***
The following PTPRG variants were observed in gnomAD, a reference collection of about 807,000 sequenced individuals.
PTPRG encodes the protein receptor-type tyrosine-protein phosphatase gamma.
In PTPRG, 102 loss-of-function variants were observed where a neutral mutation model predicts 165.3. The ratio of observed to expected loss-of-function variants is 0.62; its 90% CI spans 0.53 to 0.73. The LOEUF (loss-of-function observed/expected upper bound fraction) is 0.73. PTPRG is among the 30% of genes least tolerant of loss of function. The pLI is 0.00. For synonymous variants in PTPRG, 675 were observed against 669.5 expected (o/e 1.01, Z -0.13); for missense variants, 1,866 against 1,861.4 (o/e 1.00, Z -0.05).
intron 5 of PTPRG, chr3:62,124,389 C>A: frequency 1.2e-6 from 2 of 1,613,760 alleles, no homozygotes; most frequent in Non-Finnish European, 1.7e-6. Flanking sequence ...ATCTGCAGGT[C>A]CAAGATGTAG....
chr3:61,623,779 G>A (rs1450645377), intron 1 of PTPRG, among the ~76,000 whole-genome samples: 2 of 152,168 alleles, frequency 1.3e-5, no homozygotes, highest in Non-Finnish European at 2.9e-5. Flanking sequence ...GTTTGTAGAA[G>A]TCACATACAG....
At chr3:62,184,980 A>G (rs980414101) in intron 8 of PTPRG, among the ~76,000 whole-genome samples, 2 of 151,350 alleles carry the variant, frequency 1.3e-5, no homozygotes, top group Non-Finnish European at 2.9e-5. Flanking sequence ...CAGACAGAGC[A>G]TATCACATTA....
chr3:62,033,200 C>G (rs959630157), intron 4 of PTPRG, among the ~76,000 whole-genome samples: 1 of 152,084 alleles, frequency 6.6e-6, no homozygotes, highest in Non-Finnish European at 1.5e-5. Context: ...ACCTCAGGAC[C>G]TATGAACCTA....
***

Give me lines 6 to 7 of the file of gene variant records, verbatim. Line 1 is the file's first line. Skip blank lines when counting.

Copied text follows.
At chr3:62,184,980 A>G (rs980414101) in intron 8 of PTPRG, among the ~76,000 whole-genome samples, 2 of 151,350 alleles carry the variant, frequency 1.3e-5, no homozygotes, top group Non-Finnish European at 2.9e-5. Flanking sequence ...CAGACAGAGC[A>G]TATCACATTA....
chr3:62,033,200 C>G (rs959630157), intron 4 of PTPRG, among the ~76,000 whole-genome samples: 1 of 152,084 alleles, frequency 6.6e-6, no homozygotes, highest in Non-Finnish European at 1.5e-5. Context: ...ACCTCAGGAC[C>G]TATGAACCTA....